What you’ll learn
- Political Science
- Social understanding
This course includes:
- 2.5 hours on-demand video
- 13 downloadable resources
- Full lifetime access
- Access on mobile and TV
- Certificate of completion
The main focus of the discipline has been on the political processes which take place within human societies. Political sociology deals with the relationship between state and society on the basis of mutual interaction and with power as the ultimate aim.
The course is provided both in the form of part-time as well as on correspondence basis. Political sociology is concerned with the sociological analysis of political phenomena ranging from the State and civil society to the family, investigating topics such as citizenship, social movements, and the sources of social power. Traditionally, there were four main areas of research.
1. The sociopolitical formation of the modern state
2. How social inequality between groups (class, race, gender) influences politics
3. How public opinion, ideologies, personalities, social movements, and trends outside of the formal institutions of political power affect formal politics
4. Power relationships within and between social groups (e.g. families, workplaces, bureaucracy, media)
Political sociology is concerned with the sociological analysis of political phenomena ranging from the State and civil society to the family, investigating topics such as citizenship, social movements, and the sources of social power. The lineage of this discipline is typically traced from such thinkers as Montesquieu, Smith and Ferguson through the founding fathers of sociology – Karl Marx, Emile Durkheim and Max Weber – to such contemporary theorists as Anthony Giddens, Jurgen Habermas and Michael Mann.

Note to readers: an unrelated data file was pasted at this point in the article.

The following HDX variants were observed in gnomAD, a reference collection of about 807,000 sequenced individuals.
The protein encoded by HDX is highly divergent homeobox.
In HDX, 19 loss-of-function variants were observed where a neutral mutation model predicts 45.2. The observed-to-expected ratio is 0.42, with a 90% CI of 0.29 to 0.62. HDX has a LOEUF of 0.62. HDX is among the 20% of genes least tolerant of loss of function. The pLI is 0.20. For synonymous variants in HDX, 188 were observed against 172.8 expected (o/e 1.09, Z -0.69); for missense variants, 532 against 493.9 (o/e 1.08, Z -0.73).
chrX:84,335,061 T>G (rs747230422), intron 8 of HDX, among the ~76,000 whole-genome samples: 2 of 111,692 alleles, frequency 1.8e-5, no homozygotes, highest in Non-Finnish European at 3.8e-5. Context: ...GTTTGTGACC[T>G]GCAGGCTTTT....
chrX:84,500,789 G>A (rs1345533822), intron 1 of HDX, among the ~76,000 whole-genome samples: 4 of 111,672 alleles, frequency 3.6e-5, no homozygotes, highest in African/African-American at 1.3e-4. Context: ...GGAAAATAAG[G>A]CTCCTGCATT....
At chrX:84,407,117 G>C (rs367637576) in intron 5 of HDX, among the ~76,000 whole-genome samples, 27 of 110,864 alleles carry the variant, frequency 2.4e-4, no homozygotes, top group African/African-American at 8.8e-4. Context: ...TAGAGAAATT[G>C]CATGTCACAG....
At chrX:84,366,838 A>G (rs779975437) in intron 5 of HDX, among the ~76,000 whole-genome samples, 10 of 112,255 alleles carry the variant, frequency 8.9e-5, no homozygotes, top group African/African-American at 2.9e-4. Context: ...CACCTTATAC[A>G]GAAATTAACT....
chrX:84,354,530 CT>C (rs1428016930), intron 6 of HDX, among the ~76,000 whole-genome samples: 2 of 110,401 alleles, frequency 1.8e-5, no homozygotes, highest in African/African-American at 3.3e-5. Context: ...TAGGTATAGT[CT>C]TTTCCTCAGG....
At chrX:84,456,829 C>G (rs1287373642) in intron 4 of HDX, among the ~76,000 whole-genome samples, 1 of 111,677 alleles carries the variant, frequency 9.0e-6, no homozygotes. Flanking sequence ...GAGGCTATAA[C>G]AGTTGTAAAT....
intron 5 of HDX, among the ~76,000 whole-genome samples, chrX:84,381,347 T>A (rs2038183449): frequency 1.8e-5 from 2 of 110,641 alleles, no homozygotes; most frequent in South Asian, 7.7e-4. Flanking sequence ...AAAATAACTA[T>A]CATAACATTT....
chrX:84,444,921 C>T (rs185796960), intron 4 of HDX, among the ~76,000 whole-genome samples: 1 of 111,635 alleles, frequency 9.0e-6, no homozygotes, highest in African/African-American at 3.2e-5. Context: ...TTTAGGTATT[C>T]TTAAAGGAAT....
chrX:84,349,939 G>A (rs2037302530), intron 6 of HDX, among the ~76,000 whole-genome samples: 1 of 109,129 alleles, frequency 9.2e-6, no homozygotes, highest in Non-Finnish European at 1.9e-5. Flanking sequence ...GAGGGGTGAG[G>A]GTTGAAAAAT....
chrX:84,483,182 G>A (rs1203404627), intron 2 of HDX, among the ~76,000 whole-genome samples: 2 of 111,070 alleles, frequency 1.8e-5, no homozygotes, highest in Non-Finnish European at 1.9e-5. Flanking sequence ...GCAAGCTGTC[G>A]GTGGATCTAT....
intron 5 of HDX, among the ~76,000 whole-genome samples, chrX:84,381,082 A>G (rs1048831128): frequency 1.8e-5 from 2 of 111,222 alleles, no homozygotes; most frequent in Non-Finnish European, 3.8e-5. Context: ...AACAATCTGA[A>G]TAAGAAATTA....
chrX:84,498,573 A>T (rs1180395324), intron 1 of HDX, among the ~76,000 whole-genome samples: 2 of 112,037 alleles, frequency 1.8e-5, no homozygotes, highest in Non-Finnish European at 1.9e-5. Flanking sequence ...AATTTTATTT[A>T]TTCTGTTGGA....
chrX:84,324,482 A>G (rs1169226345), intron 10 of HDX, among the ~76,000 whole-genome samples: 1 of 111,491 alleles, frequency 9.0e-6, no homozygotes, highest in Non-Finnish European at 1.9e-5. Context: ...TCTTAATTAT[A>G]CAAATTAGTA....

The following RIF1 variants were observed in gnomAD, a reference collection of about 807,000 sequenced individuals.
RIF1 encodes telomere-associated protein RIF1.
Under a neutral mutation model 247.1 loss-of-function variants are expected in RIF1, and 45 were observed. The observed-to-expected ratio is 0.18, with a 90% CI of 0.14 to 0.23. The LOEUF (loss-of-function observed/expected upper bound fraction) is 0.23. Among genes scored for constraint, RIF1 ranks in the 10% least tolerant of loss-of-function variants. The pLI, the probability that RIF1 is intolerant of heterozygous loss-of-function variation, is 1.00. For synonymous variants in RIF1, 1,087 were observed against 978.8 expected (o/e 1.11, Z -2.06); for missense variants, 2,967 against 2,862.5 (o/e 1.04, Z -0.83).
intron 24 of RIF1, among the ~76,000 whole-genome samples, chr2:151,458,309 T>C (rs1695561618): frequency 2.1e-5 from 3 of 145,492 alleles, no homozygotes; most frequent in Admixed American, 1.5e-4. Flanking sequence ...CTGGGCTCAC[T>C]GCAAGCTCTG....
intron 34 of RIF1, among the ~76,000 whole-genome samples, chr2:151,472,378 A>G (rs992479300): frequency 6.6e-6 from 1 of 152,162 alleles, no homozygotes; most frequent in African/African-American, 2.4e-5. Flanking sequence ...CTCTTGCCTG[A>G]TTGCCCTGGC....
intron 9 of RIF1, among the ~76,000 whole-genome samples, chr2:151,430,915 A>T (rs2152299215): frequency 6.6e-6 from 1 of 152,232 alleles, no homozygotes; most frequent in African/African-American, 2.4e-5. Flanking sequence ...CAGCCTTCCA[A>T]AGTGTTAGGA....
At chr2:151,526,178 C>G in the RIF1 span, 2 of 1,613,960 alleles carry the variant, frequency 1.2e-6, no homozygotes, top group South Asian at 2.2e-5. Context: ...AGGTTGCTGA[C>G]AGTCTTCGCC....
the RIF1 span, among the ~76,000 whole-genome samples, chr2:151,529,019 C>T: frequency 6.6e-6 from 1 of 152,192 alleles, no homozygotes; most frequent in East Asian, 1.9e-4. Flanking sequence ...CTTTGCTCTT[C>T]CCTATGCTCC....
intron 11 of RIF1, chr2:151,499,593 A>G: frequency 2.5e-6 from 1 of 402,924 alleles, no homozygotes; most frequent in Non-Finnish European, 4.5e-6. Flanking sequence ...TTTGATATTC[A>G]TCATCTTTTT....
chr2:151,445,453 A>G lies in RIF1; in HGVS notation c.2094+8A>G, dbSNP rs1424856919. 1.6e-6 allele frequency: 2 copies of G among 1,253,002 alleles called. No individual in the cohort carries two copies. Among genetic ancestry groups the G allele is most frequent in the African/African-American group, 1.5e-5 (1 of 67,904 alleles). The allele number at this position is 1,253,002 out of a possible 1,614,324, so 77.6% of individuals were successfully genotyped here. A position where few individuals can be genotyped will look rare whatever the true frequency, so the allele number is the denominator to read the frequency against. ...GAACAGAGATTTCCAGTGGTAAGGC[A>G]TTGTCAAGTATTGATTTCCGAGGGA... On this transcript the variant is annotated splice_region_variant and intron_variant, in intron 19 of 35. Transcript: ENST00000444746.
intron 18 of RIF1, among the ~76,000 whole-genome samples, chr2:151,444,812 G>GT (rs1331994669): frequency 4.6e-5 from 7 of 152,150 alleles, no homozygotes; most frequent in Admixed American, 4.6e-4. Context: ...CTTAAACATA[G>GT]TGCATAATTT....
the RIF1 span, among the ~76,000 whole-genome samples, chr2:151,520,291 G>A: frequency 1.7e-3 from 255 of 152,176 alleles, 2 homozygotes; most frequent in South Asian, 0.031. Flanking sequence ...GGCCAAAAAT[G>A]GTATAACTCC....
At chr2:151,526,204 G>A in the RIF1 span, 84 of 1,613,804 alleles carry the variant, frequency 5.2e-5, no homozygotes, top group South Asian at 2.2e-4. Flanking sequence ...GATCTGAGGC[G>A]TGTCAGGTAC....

In other words, political sociology was traditionally concerned with how social trends, dynamics, and structures of domination affect formal political processes, as well as exploring how various social forces work together to change political policies. From this perspective, we can identify three major theoretical frameworks: pluralism, elite or managerial theory, and class analysis, which overlaps with Marxist analysis. Pluralism sees politics primarily as a contest among competing interest groups. Elite or managerial theory is sometimes called a state-centered approach. It explains what the state does by looking at constraints from organizational structure, semi-autonomous state managers, and interests that arise from the state as a unique, power-concentrating organization. A leading representative is Theda Skocpol. Social class theory analysis emphasizes the political power of capitalist elites. It can be split into two parts: one is the “power structure” or “instrumentalist” approach, whereas another is the structuralist approach. The power structure approach focuses on the question of who rules and its most well-known representative is G. William Domhoff.
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